Being wealthy means never having to think about mortgage payments ever again, right?
Well, it turns out even the rich and famous use a little financing, sometimes. The only difference is that, for them, it’s a choice.
Taking out a mortgage can be a smart financial move, even if you have the cash to buy a home outright. And that’s doubly true today, when mortgage rates are hovering near record lows.
The examples of a few celebrity borrowers show how home loans can help the rich get richer. You also might use a home loan to build wealth.
Mortgages of the rich and famous
Think your mortgage payments are high? Just imagine how much celebrities are paying for loans on their mansions.
Check out these familiar names:
The Tesla dynamo runs neck-at-neck with fellow mega-billionaire Jeff Bezos for the world’s wealthiest person, but just last year he took out $61 million in mortgages to buy up five California homes.
His monthly payments must feel like flipping a penny into a fountain — his estimated net worth sits at $182 billion today.
Meghan Markle and Prince Harry
You may have already heard that Meghan and the prince landed in a $14.6 million home in Santa Barbara, California. But did you hear the former royals obtained a $9 million mortgage for their new digs? So says Variety.
If they got a 30-year loan like us commoners, we’re talking monthly payments approaching $50,000.
Beyoncé and Jay Z
This musical duo is known to borrow tens of millions of dollars for luxury home purchases.
Public records show the couple financing their $88 million mansion in Bel-Air with a $52.8 million mortgage from Goldman Sachs, The Wall Street Journal reports.
Of course, you always want to make your monthly mortgage payments, even if you’re a famous celebrity.
Sheen sold his Beverly Hills mansion for a big loss, two years after facing foreclosure for reportedly owing more than $80,000 in back mortgage payments.
The actor was forced to lower the asking price five times before it finally sold, People reports.
Why take out a mortgage when you have the cash?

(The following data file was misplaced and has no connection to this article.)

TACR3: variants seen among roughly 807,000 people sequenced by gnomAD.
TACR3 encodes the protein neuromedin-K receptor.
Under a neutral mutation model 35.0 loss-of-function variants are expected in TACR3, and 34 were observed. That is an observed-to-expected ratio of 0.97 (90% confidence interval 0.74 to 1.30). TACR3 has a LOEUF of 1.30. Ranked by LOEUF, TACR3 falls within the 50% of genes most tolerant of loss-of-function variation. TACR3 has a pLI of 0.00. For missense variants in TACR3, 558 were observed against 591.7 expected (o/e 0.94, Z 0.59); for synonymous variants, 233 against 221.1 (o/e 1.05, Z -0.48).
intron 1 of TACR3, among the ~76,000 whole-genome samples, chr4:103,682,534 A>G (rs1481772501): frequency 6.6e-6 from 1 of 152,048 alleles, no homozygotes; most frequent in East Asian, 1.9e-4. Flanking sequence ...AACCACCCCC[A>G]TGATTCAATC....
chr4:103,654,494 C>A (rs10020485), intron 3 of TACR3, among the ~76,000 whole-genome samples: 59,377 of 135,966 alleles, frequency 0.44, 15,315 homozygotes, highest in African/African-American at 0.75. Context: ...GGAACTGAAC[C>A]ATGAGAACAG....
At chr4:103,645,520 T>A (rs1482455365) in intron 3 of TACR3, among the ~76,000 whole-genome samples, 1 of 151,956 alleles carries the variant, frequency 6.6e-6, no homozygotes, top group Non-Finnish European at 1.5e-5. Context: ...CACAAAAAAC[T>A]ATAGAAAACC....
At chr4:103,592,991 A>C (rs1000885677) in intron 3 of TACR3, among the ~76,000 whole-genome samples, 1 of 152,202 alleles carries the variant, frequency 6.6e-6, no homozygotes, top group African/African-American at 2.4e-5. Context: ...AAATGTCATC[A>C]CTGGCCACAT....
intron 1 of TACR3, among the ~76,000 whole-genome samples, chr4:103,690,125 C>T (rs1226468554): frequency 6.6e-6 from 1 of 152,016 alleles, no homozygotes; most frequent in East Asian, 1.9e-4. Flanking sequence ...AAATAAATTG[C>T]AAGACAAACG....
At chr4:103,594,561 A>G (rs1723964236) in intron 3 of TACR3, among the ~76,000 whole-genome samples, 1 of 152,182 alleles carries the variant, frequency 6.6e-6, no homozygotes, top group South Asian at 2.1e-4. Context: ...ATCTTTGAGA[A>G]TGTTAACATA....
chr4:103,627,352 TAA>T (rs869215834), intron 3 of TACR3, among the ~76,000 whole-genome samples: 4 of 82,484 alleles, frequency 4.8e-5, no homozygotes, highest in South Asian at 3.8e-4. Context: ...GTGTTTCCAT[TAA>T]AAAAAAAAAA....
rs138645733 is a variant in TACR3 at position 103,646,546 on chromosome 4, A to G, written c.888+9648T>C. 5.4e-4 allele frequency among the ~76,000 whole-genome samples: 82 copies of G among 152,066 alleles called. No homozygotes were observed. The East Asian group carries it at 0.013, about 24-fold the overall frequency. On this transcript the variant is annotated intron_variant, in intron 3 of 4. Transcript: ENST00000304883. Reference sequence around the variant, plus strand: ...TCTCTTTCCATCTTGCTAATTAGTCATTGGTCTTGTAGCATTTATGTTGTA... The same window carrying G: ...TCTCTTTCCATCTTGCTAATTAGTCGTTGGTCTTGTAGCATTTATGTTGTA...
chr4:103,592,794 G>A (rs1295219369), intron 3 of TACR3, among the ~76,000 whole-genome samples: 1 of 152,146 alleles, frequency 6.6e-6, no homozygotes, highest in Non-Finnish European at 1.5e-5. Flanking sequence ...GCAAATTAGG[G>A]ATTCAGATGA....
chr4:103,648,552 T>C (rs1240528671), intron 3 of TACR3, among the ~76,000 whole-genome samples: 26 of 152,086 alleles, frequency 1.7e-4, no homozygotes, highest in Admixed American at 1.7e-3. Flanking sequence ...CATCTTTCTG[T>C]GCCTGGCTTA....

Well-to-do actors, musicians and sports stars often have the cash on hand to match just about any asking price. So why pay all that interest if you don’t have to?
Simply put, borrowing money for a home allows you to use your cash for other things. The Hollywood lifestyle has many demands, after all, and those designer clothes and sports cars aren’t cheap.
Savvy celebs, however, use more of their available millions to invest. The expected returns on many types of investments can be much greater than the interest paid on a mortgage, especially when mortgage rates are as low as they are right now.
So if Beyoncé and Jay Z are paying an initial fixed rate of 3.4%, as The Wall Street Journal suggests, the Crazy In Love couple would come out ahead by putting their money in a mutual fund that earns even 4% a year.
Can ordinary people use the same strategy?
The same thinking works just fine for regular folks, although you’ll probably be investing with hundreds or maybe thousands, rather than millions.
Now may be a better time than ever before. Although it might be tempting to wait to see whether mortgage rates drop even lower, trying to “time the market” can cost you. Rates have been in flux amid the inauguration of President Joe Biden.
Low rates can also help current homeowners: If you refinance now, you could slash your monthly payments substantially and invest the difference.
Some 19.4 million homeowners have loans that are worth refinancing and could each save an average $308 per month, the mortgage data firm Black Knight reported. Good refinance candidates include those with solid credit scores and at least 20% equity in their homes.
You’ll land the best rate by shopping around; borrowers who get five rate quotes save an average of $3,000 more than those who get just one quote, a Freddie Mac study found.
Once you’ve pocketed a nice discount, you can take your cues from Hollywood borrowers and invest some of those savings. Make it simple with the help of a robo-advisor, or take a crack at some no-fee investing on your own.
Original posted at finance.yahoo.com